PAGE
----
The Purchase of MBNA by the Bank of America

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As headlined in the media each day, society has seen many company mergers because of the bad economy. Many of the mergers lead to culture clashes and in the end fail. However, in 2005, Bank of America announced its $35 billion purchase of MBNA a credit card giant, many believed this merger would join with the pile up of those done in by cultural differences (Robbins & Judge, 2009). Although these two companies were different in many ways and the cultural differences were a recipe for disaster, the employees agree the merger has worked (Robbins & Judge, 2009). In the following case study, questions will be answered to gain insight into mergers don’t always lead to culture clashes.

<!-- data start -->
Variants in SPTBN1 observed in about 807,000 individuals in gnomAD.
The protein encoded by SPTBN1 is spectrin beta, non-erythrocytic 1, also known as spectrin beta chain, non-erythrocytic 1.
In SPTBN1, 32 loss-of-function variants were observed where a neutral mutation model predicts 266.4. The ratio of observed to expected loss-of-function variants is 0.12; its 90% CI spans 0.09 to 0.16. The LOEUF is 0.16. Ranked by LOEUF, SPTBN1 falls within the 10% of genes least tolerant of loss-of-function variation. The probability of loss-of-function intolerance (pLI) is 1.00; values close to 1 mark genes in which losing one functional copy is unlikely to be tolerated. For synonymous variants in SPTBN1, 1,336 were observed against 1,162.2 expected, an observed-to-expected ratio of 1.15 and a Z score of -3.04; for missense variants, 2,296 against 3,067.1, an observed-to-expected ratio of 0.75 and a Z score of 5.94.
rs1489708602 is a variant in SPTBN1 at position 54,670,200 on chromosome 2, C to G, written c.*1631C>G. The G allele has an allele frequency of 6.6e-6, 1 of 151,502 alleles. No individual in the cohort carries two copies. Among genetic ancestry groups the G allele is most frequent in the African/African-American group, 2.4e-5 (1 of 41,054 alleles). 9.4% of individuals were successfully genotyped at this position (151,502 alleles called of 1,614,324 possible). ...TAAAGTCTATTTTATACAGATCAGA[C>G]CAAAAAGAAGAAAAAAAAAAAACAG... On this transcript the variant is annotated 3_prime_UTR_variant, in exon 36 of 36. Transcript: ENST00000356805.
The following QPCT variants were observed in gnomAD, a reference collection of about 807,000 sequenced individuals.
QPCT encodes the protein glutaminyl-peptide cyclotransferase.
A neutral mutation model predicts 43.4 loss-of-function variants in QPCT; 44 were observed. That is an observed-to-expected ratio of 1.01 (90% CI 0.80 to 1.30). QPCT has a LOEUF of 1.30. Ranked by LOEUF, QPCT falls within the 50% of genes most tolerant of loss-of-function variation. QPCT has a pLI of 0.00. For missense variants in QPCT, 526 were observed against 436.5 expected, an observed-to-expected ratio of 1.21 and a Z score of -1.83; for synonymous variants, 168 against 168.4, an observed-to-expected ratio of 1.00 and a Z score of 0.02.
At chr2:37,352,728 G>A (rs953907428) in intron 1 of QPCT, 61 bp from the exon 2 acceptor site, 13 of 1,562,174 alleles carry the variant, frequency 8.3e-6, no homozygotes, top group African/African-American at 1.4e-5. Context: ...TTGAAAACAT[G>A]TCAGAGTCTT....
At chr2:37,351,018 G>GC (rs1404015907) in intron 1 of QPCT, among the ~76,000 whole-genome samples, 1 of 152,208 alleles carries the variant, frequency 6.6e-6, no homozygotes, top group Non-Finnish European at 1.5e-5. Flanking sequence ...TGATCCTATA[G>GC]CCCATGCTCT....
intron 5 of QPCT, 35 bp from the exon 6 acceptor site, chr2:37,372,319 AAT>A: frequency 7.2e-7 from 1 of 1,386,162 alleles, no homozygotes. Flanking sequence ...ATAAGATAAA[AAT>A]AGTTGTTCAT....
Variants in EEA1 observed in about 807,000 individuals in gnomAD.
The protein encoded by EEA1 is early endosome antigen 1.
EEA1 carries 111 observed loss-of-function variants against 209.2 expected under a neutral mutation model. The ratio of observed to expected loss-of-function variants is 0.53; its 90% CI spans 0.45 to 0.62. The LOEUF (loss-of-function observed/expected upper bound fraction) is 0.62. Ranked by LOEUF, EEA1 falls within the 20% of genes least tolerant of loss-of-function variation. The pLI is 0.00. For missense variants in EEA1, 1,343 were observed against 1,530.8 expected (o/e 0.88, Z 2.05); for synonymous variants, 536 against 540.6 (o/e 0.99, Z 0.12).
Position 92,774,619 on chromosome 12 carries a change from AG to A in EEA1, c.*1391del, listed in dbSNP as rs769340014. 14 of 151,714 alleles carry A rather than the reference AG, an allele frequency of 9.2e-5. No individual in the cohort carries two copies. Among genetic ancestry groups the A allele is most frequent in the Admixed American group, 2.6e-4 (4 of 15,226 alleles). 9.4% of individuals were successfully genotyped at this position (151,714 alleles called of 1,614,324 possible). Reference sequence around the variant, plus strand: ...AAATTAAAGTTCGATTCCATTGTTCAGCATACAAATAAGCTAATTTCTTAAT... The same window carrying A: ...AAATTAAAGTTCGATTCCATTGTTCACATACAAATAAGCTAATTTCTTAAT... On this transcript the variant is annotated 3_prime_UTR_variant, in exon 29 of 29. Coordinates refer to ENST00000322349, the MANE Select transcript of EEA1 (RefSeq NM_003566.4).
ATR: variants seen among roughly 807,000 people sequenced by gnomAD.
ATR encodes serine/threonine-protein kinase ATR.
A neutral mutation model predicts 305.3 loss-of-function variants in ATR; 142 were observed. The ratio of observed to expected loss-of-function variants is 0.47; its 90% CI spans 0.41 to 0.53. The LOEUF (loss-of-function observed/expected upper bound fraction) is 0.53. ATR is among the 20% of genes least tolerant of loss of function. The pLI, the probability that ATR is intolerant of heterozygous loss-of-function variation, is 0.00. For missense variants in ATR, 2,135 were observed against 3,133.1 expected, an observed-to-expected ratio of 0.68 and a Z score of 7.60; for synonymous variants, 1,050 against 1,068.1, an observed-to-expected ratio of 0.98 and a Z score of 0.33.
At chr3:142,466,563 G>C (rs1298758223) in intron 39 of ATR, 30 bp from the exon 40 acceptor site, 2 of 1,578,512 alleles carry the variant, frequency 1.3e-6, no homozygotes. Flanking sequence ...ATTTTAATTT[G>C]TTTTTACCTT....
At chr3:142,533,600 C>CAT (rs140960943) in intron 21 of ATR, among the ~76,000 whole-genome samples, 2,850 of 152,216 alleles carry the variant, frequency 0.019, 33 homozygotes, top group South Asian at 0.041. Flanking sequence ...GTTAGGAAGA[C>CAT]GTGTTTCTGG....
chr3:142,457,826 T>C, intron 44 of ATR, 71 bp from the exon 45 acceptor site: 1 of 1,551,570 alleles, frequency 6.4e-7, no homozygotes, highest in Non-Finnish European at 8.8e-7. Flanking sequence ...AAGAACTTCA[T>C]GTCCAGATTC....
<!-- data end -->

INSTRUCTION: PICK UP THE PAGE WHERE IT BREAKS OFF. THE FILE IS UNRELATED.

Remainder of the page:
Questions and answers
In what ways were the cultures of Bank of America and MBNA incompatible?
The major differences in the two companies stemmed from the lifestyles of how the companies functioned. Bank of America grew by thrift and was an operation of low-cost and no-nonsense. BOA believed speed was not important and size and smarts were more important. As for the card giant MBNA, employees were accustomed to the high life with lavish surroundings, a golf course at the headquarters, and generous perks such as employee’s enjoying high salaries. Additionally MBNA’s unrestrictive entrepreneurial spirit was quite secretive; however, had a fleet of corporate jets, and private yachts.
Why do you think their cultures appeared to mesh rather than clash?
The cultures appear to mesh because BOA and MBNA

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